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Freakboy [NOOK Book]

Overview


From the outside, Brendan Chase seems to have it pretty easy. He’s a star wrestler, a video game aficionado, and a loving boyfriend to his seemingly perfect match, Vanessa. But on the inside, Brendan struggles to understand why his body feels so wrong—why he sometimes fantasizes having long hair, soft skin, and gentle curves. Is there even a name for guys like him? Guys who sometimes want to be girls? Or is Brendan just a freak?

In Freakboy's razor-sharp verse, Kristin Clark ...

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Freakboy

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Overview


From the outside, Brendan Chase seems to have it pretty easy. He’s a star wrestler, a video game aficionado, and a loving boyfriend to his seemingly perfect match, Vanessa. But on the inside, Brendan struggles to understand why his body feels so wrong—why he sometimes fantasizes having long hair, soft skin, and gentle curves. Is there even a name for guys like him? Guys who sometimes want to be girls? Or is Brendan just a freak?

In Freakboy's razor-sharp verse, Kristin Clark folds three narratives into one powerful story: Brendan trying to understand his sexual identity, Vanessa fighting to keep her and Brendan’s relationship alive, and Angel struggling to confront her demons.

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Editorial Reviews

Publishers Weekly
★ 09/16/2013
Debut novelist Clark uses free verse to write a gripping story about a complex topic: the challenges of growing up transgender or genderqueer. Brendan struggles with his occasional desires to be a girl; in her own series of poems, Brendan’s devoted girlfriend, Vanessa, worries about why he is suddenly avoiding her. Meanwhile, transgendered Angel—whom Brendan meets near the teen center where Angel works—reveals her own painful journey; her intense story includes physical abuse and a hospital stay after being beaten up while working as a prostitute. Clark doesn’t stray far from central theme (the back matter includes resources and further reading) as she empathically explores what it can be like to be a transgendered teen (for example, not every transitioning character considers sex-reassignment surgery to be important). The author emphasizes that there are no simple answers for her characters, especially Brendan, who wonders if the transgendered label even fits. At the same time, through Angel, she gives her story a current of hope: “Everyone feels like a freak/ until they make up their mind/ they’re not.” Ages 12–up. Agent: Tracey Adams, Adams Literary. (Oct.)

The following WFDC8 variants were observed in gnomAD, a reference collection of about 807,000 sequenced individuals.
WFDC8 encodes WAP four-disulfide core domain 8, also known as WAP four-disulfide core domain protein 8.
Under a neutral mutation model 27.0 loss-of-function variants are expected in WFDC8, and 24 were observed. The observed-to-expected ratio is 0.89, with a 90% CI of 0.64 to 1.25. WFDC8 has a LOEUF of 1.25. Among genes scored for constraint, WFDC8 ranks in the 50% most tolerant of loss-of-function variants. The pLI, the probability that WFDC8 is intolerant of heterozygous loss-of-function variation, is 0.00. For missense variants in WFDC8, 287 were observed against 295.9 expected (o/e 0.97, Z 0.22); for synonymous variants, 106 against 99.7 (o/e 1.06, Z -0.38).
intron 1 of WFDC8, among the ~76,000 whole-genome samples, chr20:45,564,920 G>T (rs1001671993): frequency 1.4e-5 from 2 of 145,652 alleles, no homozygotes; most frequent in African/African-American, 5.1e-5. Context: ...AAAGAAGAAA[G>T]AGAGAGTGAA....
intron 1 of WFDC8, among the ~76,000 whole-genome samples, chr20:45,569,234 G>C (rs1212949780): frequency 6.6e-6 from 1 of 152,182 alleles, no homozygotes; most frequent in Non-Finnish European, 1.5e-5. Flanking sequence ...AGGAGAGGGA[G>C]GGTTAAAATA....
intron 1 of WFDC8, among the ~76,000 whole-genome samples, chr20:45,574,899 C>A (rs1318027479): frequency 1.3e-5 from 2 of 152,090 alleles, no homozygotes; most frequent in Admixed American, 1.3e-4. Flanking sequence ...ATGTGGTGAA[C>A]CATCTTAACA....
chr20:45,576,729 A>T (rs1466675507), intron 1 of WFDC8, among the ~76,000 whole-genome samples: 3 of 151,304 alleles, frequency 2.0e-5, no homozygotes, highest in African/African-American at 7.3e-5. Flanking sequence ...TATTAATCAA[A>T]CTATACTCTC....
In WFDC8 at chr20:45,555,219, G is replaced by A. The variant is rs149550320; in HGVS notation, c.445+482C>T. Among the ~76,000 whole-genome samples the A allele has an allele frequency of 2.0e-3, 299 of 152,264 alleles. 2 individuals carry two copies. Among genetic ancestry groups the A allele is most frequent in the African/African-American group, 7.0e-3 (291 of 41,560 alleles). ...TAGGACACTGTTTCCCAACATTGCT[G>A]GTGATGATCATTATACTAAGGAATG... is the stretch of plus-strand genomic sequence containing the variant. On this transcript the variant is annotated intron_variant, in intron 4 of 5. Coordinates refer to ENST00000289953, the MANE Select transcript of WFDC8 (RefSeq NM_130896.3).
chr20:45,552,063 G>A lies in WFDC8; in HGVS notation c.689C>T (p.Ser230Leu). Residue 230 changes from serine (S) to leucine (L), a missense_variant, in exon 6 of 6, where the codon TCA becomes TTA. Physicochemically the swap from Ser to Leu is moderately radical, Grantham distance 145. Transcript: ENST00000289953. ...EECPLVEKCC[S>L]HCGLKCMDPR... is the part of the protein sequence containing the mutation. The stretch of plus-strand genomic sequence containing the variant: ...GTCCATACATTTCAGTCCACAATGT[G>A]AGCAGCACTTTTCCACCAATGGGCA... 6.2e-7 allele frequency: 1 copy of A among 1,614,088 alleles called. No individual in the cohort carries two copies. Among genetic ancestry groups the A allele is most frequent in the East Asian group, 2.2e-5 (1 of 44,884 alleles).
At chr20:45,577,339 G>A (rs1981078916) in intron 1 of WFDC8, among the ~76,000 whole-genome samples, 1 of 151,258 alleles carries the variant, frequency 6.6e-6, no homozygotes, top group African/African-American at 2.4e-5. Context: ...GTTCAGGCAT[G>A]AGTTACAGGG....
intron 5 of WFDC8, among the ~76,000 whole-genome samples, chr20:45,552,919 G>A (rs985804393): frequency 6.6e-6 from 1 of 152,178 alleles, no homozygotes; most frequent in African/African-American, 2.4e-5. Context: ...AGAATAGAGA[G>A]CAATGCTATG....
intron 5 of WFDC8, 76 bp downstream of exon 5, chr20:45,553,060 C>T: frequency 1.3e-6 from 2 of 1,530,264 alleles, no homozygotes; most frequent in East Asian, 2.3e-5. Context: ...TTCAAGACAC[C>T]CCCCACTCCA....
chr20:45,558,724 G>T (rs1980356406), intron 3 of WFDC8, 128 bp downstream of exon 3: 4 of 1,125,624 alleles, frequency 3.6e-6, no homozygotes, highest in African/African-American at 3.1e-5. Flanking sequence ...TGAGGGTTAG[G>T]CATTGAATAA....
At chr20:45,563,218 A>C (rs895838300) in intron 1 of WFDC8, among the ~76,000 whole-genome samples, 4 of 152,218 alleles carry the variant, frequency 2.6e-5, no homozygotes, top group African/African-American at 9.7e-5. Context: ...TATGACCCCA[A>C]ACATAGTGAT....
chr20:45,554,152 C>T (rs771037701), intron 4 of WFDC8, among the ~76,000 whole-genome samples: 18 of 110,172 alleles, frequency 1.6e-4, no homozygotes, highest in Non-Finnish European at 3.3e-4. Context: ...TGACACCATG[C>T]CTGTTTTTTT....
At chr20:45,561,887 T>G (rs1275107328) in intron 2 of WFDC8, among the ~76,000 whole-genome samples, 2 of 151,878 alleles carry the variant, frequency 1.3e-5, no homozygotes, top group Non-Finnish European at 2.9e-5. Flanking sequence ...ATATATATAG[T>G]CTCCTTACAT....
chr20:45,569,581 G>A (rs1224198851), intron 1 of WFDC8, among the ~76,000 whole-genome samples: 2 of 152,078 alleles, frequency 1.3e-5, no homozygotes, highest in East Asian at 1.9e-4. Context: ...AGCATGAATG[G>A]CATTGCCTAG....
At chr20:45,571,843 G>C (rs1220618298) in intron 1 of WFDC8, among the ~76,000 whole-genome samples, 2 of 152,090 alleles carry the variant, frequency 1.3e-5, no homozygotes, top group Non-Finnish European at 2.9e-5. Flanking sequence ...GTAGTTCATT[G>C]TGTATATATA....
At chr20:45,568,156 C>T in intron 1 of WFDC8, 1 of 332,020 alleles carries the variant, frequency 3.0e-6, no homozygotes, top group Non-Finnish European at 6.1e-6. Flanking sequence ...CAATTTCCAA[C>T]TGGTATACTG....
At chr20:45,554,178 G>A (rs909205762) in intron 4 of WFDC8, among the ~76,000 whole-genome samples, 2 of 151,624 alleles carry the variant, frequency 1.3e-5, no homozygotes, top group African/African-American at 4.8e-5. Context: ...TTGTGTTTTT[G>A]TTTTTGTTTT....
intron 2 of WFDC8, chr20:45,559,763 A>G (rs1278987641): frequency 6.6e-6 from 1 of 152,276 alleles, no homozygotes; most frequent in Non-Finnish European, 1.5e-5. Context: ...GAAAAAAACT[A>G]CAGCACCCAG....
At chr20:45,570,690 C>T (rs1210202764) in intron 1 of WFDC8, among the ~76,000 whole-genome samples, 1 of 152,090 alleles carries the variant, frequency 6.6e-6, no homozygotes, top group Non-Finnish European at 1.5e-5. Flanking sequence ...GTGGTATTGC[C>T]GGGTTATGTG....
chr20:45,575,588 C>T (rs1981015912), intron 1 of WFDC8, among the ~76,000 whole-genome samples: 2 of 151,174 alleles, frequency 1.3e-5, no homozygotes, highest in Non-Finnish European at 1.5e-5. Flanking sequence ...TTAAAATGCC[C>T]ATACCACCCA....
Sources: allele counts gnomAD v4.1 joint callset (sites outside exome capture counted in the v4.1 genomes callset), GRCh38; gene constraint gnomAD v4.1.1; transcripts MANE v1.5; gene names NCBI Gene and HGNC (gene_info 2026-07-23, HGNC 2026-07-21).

From the Publisher
"...a gripping story about a complex topic..."—Publishers Weekly, starred review

*"This gutsy, tripartite poem explores a wider variety of identities—cis-, trans-, genderqueer—than a simple transgender storyline, making it stand out."—Kirkus Review, starred review

"It succeeds in conveying the message that "you are not alone" to transgender youth while helping everyone else get a handle on these often-tortured teens. The author succeeds in her mission to foster "greater understanding and acceptance of gender’s vast and lovely variation."—School Library Journal

"A sincere, profound rendering of sexuality, queerness, and identity."—The Horn Book

VOYA - Alicia Abdul